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NIOZ oceanographer Darci Rush about ‘the best cruise ever’

Organisms that consume methane are extremely important
On 24 May, the research vessel Pelagia docked at the NIOZ home base on Texel after an 8-month expedition.
NIOZ researcher Darci Rush (organic geochemist) went on board during the seventh leg of a 12-leg voyage. Aboard the Pelagia, she studied the behaviour of microorganisms in ocean areas with low oxygen levels.

Like many other scientists, Rush had put forward subjects for research on the expedition route of the Pelagia: the voyage was from Texel to Gran Canaria, across the Atlantic Ocean to the Caribbean area and then, via Ireland, the North Sea and the Azores, back to Texel. Rush managed to convince the organisers of the expedition to make a detour via the Gulf of Mexico. ‘That loop was not originally planned.’

Less oxygen and more methane
Why did Rush and her NIOZ colleague Sigrid van Grinsven want to go to the Gulf of Mexico? Rush: ‘The Mississippi Delta is characterised by oxygen-deficient areas; furthermore, many substances flow into the Gulf from the arable fields in Louisiana. My NIOZ research focuses on the nutrient cycle of microorganisms in a water column. Algae live from inflowing nutrients. When they die, the remnants sink and provide food for bacteria and microorganisms. As a result of this process, the oxygen level in the water just below the surface decreases. This is colloquially known as a dead-zone. I wanted to investigate whether the microorganisms in the Gulf of Mexico produce methane, and whether they use methane that is released from the seafloor for their metabolism. Little is known at present about this methane cycle. We didn’t manage to be in the area to catch the dead-zone (it usually forms, and is most intense, at the end of spring). However, we left behind a trap in the water column to catch sinking particles. Using the samples collected by the trap, we can then study the development of the dead-zone as it forms and terminates over time. This trap will be collected by a NIOZ employee mid-September.’

‘As a result of climate change, the oceans are warming up and contain less oxygen and more methane. Organisms that can consume methane are therefore becoming increasingly important.’ She describes the parallel with the Cretaceous and Jurassic periods when large parts of the oceans contained no oxygen and huge numbers of animal species like the dinosaurs became extinct. Rush: ‘In the sediment, we can find biomarkers of biogeochemical processes that occurred in the past. My goal is to identify biomarkers we can use to mark the influence of microorganisms, so that we can better predict what will happen in the future.’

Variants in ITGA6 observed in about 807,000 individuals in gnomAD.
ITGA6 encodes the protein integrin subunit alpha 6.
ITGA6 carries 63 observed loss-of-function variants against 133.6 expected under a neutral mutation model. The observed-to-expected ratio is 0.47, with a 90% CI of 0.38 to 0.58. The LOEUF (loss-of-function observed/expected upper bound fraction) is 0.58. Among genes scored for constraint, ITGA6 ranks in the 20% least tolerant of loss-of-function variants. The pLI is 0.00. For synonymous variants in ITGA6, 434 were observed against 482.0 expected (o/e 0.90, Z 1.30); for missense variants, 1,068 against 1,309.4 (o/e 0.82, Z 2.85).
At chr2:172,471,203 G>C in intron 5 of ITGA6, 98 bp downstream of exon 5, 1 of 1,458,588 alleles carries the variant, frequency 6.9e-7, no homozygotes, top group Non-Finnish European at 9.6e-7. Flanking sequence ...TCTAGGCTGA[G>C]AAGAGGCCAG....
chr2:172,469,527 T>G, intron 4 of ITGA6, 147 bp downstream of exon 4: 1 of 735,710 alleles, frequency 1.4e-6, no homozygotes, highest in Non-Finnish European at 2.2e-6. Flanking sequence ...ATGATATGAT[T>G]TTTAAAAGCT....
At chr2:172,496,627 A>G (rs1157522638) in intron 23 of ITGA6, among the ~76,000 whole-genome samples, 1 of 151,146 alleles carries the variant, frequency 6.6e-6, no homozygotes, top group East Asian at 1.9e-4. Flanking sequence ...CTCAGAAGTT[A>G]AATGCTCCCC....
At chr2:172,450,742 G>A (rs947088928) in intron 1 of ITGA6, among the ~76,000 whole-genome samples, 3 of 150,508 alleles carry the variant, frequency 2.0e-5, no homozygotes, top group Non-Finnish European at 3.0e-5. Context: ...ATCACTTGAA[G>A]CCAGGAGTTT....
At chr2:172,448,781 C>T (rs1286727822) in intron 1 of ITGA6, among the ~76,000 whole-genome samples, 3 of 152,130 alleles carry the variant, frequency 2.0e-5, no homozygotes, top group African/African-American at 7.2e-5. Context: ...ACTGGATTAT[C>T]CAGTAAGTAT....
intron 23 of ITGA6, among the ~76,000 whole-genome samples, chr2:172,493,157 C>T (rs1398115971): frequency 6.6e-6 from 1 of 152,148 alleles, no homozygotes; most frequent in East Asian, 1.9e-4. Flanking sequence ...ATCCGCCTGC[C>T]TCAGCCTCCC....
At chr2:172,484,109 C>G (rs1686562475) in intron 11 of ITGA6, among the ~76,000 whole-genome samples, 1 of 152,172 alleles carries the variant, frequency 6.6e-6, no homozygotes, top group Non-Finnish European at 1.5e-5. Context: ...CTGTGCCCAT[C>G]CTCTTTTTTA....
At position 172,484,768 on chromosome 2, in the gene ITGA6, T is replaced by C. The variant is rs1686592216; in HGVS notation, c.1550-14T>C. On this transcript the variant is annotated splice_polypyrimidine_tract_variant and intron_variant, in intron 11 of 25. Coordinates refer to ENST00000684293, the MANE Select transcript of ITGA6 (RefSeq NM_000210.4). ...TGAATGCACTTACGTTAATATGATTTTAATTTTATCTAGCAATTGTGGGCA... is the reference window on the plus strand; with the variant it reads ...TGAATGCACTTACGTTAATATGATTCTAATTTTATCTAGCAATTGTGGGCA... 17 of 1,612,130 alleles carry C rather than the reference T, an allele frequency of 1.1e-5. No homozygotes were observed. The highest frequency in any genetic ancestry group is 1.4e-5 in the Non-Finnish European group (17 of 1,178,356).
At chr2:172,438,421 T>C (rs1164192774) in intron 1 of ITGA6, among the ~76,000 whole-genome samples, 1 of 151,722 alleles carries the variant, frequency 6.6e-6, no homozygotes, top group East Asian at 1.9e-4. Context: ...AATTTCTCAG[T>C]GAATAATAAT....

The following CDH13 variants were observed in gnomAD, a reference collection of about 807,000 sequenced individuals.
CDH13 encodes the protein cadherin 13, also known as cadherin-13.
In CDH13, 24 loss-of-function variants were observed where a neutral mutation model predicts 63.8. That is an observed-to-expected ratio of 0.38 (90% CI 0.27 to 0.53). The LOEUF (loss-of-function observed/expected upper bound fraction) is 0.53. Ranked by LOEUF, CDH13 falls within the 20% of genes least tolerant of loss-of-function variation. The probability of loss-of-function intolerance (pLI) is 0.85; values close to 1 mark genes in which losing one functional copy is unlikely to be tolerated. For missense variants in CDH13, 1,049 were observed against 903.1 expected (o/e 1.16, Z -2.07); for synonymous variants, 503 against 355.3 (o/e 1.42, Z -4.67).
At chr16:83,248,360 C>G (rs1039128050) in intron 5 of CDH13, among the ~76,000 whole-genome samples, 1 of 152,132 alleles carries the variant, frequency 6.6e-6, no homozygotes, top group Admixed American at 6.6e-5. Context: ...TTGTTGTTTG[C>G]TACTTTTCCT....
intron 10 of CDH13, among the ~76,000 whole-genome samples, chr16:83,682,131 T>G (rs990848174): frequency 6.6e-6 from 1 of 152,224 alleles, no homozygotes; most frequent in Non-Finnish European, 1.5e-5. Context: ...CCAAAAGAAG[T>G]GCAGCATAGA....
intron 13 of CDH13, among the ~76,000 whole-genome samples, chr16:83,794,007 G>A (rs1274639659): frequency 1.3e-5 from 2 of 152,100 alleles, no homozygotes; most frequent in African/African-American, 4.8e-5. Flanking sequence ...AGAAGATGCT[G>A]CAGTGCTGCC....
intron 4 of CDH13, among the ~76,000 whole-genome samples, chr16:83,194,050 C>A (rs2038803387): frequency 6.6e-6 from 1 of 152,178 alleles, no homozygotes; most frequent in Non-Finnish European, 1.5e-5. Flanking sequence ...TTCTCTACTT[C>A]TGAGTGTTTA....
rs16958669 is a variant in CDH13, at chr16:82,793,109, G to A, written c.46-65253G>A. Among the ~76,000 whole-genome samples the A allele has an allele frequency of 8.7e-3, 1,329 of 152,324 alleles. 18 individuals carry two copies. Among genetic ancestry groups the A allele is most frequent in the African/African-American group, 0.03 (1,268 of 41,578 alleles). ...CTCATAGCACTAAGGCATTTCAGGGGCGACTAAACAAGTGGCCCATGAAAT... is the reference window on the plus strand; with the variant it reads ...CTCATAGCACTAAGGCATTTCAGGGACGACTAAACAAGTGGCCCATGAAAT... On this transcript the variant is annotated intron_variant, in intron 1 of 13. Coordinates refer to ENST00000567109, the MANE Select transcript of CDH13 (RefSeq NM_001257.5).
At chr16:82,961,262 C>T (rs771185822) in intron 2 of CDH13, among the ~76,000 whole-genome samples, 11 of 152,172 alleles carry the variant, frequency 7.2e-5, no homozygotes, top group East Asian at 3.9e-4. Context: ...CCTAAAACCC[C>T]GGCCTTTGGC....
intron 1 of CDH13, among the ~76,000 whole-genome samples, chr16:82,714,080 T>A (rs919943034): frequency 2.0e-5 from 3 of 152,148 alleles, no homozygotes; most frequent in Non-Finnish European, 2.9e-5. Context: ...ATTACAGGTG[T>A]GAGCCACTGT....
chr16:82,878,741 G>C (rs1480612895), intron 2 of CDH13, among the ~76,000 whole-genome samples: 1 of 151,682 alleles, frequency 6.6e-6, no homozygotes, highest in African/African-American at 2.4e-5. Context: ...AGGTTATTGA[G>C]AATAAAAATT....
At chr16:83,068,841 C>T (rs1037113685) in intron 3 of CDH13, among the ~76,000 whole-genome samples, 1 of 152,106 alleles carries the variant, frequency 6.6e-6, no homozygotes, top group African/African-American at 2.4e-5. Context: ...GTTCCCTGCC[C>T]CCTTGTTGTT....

Delays and the sampling of a brine pool
However, the expedition of Rush started with a hiccup. Rush: ‘Our group consisted of ten researchers: from NIOZ, University of Amsterdam and Utrecht University. When we came together at the embarking point on St Martin, we discovered that we would first have to wait five days for the research equipment that had been forwarded separately in advance. These days we slept on the boat, that was alternately in the harbour or anchored out at sea. This was a frustrating delay because the number of research days is limited. Nevertheless, nobody was grumpy and, in good consultation, we discussed what experiments could be changed so that everybody could still carry out valuable research.’

Besides this initial hiccup, Rush’s research on the Pelagia subsequently took a different course than planned. Measurements revealed that the water was not sufficiently oxygen-deficient. ‘There was no time to localise the zones without oxygen', she explains. Then Rush and Van Grinsven accidentally stumbled across a brine pool of 400 km² at a depth of 2 km below the sea surface. These brine pools occur elsewhere as well, but the conditions in these are rare: the extremely salty water has stood still for thousands of years, and consequently, there is a virgin closed system with its own biodiversity. In the samples from the brine pool, Rush hopes to find remnants of microorganisms that live on methane.

The best cruise ever
Recalling her expedition on the Pelagia, Rush simply states: ‘The best cruise ever. As we were delayed, we wanted to do research 24/7. This also meant that the support crew had to work much longer hours. Partly due to their efforts, the atmosphere on board was incredibly pleasant.’ Rush will hire a PhD student to work on the samples she took during the expedition and hopes to publish interesting research results soon. Furthermore she wants to take part in another expedition in February 2019: hopefully, the Pelagia will then cruise along the coast of Namibia where low-oxygen zones are also found.

Rush and NIOZ
The Canadian Rush (34) says that, after a master’s in oceanography at University Aix-Marseille II, she came to NIOZ to obtain her doctorate, even though she had never heard of Texel. After her doctorate, she did a postdoc in Newcastle. ‘There, I realised how good NIOZ is: the labs and the Department of Marine Microbiology and Biogeochemistry are the best in the world.’ She returned to NIOZ as a tenure-track researcher. When asked if Texel is an attractive place to live, Rush is clear: ‘Rain or shine, I cycle to work. I like the landscape and the fantastic skies. In ten years’ time, I hope to be here still with my own research group.’



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